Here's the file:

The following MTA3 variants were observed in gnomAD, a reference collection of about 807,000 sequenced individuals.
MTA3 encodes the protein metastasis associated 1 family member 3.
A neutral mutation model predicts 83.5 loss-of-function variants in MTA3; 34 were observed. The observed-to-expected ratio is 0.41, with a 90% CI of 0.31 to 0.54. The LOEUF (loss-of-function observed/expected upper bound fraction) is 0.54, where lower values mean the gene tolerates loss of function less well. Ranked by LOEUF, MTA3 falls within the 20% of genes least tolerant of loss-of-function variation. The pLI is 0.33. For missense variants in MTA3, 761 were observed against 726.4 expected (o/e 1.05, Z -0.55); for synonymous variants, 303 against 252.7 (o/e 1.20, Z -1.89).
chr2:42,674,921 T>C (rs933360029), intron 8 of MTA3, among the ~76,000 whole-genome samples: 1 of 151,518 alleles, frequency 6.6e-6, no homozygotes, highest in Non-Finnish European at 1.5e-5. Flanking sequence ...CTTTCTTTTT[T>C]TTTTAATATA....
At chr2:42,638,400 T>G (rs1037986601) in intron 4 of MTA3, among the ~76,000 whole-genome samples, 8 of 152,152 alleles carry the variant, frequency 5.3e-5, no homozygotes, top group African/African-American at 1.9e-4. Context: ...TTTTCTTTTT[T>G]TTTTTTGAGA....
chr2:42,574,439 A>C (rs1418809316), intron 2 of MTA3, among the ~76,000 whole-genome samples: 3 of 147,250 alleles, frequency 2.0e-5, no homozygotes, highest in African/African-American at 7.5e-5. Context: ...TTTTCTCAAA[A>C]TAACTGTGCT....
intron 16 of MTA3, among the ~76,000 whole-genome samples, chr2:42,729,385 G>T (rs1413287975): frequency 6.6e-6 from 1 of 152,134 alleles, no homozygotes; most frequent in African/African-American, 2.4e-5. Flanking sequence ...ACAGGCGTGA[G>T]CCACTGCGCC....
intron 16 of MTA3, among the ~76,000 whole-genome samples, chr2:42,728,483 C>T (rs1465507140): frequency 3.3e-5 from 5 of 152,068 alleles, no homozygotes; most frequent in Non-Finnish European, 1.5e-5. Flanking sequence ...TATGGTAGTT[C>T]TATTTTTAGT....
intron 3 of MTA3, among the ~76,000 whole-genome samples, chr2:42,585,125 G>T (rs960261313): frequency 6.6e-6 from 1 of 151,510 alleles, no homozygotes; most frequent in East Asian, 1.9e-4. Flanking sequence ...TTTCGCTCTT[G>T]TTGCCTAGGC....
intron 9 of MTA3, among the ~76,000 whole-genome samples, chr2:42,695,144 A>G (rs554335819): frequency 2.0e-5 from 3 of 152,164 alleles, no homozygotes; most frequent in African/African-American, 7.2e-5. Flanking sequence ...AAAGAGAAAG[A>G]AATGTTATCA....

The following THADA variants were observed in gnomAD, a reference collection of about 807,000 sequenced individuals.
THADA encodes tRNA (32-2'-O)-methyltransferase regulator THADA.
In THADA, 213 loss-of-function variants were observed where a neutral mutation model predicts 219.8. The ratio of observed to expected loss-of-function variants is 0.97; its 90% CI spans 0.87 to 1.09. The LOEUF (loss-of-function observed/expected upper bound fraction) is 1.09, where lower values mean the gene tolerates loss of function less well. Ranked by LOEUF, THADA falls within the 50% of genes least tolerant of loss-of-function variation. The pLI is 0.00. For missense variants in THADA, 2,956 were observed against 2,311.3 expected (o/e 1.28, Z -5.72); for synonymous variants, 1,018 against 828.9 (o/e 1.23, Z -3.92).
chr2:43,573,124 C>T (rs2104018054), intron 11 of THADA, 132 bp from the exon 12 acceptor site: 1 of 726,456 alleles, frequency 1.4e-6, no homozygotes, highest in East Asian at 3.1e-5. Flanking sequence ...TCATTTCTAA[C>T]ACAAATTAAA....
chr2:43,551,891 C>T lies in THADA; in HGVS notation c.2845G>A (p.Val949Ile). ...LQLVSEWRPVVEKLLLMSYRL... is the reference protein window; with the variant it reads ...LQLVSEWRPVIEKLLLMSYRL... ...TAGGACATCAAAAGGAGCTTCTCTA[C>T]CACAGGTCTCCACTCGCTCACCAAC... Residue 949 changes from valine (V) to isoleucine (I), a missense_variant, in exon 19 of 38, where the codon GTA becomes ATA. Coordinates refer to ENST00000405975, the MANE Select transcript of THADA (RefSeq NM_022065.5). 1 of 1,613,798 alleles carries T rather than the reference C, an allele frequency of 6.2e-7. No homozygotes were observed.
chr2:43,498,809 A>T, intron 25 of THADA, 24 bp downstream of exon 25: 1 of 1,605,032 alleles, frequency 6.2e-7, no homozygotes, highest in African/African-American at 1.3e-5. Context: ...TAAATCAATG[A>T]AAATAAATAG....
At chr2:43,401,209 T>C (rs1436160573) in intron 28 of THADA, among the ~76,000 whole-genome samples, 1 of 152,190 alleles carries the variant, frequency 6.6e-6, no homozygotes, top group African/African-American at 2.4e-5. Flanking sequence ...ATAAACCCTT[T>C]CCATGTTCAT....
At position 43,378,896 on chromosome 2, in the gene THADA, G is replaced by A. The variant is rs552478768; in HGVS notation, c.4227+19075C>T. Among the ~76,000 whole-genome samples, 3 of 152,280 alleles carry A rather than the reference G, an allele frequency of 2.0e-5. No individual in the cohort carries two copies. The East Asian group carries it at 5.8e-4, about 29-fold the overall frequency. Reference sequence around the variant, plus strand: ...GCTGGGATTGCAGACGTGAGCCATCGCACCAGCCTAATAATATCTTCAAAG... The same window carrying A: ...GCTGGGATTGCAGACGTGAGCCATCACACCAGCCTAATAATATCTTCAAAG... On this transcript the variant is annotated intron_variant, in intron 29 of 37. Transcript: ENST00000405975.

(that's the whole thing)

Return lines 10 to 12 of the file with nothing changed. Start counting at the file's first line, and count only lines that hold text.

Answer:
intron 9 of MTA3, among the ~76,000 whole-genome samples, chr2:42,695,144 A>G (rs554335819): frequency 2.0e-5 from 3 of 152,164 alleles, no homozygotes; most frequent in African/African-American, 7.2e-5. Flanking sequence ...AAAGAGAAAG[A>G]AATGTTATCA....

The following THADA variants were observed in gnomAD, a reference collection of about 807,000 sequenced individuals.
THADA encodes tRNA (32-2'-O)-methyltransferase regulator THADA.